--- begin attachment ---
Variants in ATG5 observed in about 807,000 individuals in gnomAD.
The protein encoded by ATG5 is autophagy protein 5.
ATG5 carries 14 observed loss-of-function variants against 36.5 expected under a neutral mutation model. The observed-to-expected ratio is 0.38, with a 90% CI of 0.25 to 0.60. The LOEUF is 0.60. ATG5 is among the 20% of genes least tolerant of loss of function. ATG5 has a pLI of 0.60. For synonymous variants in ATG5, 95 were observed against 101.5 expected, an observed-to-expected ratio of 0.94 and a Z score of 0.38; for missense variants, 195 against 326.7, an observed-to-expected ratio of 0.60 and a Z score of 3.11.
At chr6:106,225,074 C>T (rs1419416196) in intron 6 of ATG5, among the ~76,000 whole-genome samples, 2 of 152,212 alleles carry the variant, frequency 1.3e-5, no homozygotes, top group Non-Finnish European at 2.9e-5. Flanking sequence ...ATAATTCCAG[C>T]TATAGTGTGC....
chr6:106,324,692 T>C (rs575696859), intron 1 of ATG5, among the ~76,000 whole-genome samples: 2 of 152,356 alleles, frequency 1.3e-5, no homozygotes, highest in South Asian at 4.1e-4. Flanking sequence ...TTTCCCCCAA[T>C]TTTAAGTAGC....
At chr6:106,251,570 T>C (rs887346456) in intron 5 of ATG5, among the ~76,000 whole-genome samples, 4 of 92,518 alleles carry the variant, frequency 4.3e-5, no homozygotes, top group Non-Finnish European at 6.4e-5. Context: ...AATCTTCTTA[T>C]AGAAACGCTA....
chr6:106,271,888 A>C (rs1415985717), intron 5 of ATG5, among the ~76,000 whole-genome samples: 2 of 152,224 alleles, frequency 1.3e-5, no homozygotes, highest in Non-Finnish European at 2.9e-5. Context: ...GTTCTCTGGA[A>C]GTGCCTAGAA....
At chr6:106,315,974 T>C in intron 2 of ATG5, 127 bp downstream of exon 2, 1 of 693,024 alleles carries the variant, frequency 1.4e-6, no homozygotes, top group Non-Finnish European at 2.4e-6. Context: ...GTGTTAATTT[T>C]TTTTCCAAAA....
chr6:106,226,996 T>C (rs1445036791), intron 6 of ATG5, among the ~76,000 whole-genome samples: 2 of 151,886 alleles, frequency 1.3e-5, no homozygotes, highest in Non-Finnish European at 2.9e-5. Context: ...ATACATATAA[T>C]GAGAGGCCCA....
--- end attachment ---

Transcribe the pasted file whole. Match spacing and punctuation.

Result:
Variants in ATG5 observed in about 807,000 individuals in gnomAD.
The protein encoded by ATG5 is autophagy protein 5.
ATG5 carries 14 observed loss-of-function variants against 36.5 expected under a neutral mutation model. The observed-to-expected ratio is 0.38, with a 90% CI of 0.25 to 0.60. The LOEUF is 0.60. ATG5 is among the 20% of genes least tolerant of loss of function. ATG5 has a pLI of 0.60. For synonymous variants in ATG5, 95 were observed against 101.5 expected, an observed-to-expected ratio of 0.94 and a Z score of 0.38; for missense variants, 195 against 326.7, an observed-to-expected ratio of 0.60 and a Z score of 3.11.
At chr6:106,225,074 C>T (rs1419416196) in intron 6 of ATG5, among the ~76,000 whole-genome samples, 2 of 152,212 alleles carry the variant, frequency 1.3e-5, no homozygotes, top group Non-Finnish European at 2.9e-5. Flanking sequence ...ATAATTCCAG[C>T]TATAGTGTGC....
chr6:106,324,692 T>C (rs575696859), intron 1 of ATG5, among the ~76,000 whole-genome samples: 2 of 152,356 alleles, frequency 1.3e-5, no homozygotes, highest in South Asian at 4.1e-4. Flanking sequence ...TTTCCCCCAA[T>C]TTTAAGTAGC....
At chr6:106,251,570 T>C (rs887346456) in intron 5 of ATG5, among the ~76,000 whole-genome samples, 4 of 92,518 alleles carry the variant, frequency 4.3e-5, no homozygotes, top group Non-Finnish European at 6.4e-5. Context: ...AATCTTCTTA[T>C]AGAAACGCTA....
chr6:106,271,888 A>C (rs1415985717), intron 5 of ATG5, among the ~76,000 whole-genome samples: 2 of 152,224 alleles, frequency 1.3e-5, no homozygotes, highest in Non-Finnish European at 2.9e-5. Context: ...GTTCTCTGGA[A>C]GTGCCTAGAA....
At chr6:106,315,974 T>C in intron 2 of ATG5, 127 bp downstream of exon 2, 1 of 693,024 alleles carries the variant, frequency 1.4e-6, no homozygotes, top group Non-Finnish European at 2.4e-6. Context: ...GTGTTAATTT[T>C]TTTTCCAAAA....
chr6:106,226,996 T>C (rs1445036791), intron 6 of ATG5, among the ~76,000 whole-genome samples: 2 of 151,886 alleles, frequency 1.3e-5, no homozygotes, highest in Non-Finnish European at 2.9e-5. Context: ...ATACATATAA[T>C]GAGAGGCCCA....